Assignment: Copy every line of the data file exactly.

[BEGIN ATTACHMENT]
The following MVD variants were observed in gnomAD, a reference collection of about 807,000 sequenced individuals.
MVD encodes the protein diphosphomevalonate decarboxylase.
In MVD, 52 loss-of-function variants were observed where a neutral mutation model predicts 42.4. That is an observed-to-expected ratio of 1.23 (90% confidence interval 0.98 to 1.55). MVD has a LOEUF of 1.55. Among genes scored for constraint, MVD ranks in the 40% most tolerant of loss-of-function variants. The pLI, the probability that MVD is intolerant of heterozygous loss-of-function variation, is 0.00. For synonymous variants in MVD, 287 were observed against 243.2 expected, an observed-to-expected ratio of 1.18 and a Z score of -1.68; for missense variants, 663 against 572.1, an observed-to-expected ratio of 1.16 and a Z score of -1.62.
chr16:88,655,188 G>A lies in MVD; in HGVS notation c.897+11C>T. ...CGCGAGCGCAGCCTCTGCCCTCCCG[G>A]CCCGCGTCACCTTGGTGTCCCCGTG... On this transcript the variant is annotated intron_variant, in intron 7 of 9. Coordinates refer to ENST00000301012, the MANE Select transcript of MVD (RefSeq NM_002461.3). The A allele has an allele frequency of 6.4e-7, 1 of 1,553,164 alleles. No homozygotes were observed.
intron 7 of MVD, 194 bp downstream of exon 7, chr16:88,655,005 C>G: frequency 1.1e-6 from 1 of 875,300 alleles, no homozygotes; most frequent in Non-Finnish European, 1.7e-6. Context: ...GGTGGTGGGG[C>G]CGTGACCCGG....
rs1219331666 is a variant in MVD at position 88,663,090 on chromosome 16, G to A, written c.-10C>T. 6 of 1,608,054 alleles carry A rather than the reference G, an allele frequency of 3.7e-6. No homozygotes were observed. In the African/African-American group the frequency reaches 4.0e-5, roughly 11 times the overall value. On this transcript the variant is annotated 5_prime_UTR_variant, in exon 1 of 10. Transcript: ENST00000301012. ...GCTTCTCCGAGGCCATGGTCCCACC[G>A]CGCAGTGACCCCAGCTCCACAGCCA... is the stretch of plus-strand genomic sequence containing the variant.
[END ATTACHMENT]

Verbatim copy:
The following MVD variants were observed in gnomAD, a reference collection of about 807,000 sequenced individuals.
MVD encodes the protein diphosphomevalonate decarboxylase.
In MVD, 52 loss-of-function variants were observed where a neutral mutation model predicts 42.4. That is an observed-to-expected ratio of 1.23 (90% confidence interval 0.98 to 1.55). MVD has a LOEUF of 1.55. Among genes scored for constraint, MVD ranks in the 40% most tolerant of loss-of-function variants. The pLI, the probability that MVD is intolerant of heterozygous loss-of-function variation, is 0.00. For synonymous variants in MVD, 287 were observed against 243.2 expected, an observed-to-expected ratio of 1.18 and a Z score of -1.68; for missense variants, 663 against 572.1, an observed-to-expected ratio of 1.16 and a Z score of -1.62.
chr16:88,655,188 G>A lies in MVD; in HGVS notation c.897+11C>T. ...CGCGAGCGCAGCCTCTGCCCTCCCG[G>A]CCCGCGTCACCTTGGTGTCCCCGTG... On this transcript the variant is annotated intron_variant, in intron 7 of 9. Coordinates refer to ENST00000301012, the MANE Select transcript of MVD (RefSeq NM_002461.3). The A allele has an allele frequency of 6.4e-7, 1 of 1,553,164 alleles. No homozygotes were observed.
intron 7 of MVD, 194 bp downstream of exon 7, chr16:88,655,005 C>G: frequency 1.1e-6 from 1 of 875,300 alleles, no homozygotes; most frequent in Non-Finnish European, 1.7e-6. Context: ...GGTGGTGGGG[C>G]CGTGACCCGG....
rs1219331666 is a variant in MVD at position 88,663,090 on chromosome 16, G to A, written c.-10C>T. 6 of 1,608,054 alleles carry A rather than the reference G, an allele frequency of 3.7e-6. No homozygotes were observed. In the African/African-American group the frequency reaches 4.0e-5, roughly 11 times the overall value. On this transcript the variant is annotated 5_prime_UTR_variant, in exon 1 of 10. Transcript: ENST00000301012. ...GCTTCTCCGAGGCCATGGTCCCACC[G>A]CGCAGTGACCCCAGCTCCACAGCCA... is the stretch of plus-strand genomic sequence containing the variant.